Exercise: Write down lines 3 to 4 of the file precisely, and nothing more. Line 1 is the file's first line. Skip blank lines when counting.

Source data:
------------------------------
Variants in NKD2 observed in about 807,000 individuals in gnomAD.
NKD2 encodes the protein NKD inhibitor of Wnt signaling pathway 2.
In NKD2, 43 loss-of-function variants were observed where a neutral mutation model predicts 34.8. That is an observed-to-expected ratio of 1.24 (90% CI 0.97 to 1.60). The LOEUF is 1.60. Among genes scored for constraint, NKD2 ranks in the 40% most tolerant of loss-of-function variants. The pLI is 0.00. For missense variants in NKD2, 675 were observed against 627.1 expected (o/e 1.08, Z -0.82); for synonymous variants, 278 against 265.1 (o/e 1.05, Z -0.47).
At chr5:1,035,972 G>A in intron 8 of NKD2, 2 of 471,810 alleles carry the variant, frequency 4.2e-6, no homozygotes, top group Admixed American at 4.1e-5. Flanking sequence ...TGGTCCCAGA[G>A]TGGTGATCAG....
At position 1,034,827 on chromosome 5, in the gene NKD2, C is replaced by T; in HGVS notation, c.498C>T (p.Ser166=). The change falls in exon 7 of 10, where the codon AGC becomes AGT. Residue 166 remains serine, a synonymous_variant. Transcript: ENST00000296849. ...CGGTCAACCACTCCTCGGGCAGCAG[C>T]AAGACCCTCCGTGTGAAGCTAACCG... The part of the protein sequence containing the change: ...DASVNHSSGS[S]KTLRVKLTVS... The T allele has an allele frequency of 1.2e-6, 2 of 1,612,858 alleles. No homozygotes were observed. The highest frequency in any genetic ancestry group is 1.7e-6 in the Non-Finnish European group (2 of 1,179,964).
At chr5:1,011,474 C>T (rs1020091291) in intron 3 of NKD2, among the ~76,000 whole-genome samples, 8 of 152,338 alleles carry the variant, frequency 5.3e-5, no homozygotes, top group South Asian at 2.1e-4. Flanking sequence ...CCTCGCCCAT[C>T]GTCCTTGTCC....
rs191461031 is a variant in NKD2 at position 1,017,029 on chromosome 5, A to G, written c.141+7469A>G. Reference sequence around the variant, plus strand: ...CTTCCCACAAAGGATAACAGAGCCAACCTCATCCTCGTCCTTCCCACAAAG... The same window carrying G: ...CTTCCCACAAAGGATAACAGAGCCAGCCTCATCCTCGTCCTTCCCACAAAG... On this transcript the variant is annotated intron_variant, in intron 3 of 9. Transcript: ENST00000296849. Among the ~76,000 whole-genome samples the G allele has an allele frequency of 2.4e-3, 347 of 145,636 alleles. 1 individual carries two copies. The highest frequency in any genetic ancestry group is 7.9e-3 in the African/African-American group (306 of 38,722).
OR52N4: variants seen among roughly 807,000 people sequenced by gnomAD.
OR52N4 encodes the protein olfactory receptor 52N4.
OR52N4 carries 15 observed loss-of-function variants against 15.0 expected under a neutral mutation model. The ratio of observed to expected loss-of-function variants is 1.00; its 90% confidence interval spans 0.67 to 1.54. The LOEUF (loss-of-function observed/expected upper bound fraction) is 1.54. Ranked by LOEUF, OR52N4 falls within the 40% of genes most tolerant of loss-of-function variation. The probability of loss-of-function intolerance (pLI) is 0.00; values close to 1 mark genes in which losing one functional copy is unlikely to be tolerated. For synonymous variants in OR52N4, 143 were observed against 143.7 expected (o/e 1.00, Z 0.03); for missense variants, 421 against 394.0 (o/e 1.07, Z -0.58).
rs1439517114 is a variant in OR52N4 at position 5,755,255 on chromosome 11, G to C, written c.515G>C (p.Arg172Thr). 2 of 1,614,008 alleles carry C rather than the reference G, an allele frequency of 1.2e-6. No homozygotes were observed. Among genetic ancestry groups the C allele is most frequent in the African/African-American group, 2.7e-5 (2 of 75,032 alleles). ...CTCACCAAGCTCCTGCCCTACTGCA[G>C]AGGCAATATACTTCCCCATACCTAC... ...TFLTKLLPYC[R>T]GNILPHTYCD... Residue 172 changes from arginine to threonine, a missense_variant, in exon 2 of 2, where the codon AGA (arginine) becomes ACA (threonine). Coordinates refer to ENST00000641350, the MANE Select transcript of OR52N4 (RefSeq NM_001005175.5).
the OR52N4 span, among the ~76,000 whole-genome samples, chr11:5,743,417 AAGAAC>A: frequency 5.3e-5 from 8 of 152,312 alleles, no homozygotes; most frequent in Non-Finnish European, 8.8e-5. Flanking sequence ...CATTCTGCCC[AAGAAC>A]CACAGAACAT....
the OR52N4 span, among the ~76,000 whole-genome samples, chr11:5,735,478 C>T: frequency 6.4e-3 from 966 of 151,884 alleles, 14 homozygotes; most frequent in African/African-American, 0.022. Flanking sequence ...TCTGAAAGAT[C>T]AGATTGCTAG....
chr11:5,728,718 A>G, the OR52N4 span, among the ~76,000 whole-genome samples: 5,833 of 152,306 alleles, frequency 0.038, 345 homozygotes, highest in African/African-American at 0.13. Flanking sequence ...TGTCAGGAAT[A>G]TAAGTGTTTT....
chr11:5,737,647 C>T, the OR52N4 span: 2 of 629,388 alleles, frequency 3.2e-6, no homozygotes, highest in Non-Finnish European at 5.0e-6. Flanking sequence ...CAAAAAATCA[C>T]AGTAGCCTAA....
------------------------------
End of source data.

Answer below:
In NKD2, 43 loss-of-function variants were observed where a neutral mutation model predicts 34.8. That is an observed-to-expected ratio of 1.24 (90% CI 0.97 to 1.60). The LOEUF is 1.60. Among genes scored for constraint, NKD2 ranks in the 40% most tolerant of loss-of-function variants. The pLI is 0.00. For missense variants in NKD2, 675 were observed against 627.1 expected (o/e 1.08, Z -0.82); for synonymous variants, 278 against 265.1 (o/e 1.05, Z -0.47).
At chr5:1,035,972 G>A in intron 8 of NKD2, 2 of 471,810 alleles carry the variant, frequency 4.2e-6, no homozygotes, top group Admixed American at 4.1e-5. Flanking sequence ...TGGTCCCAGA[G>A]TGGTGATCAG....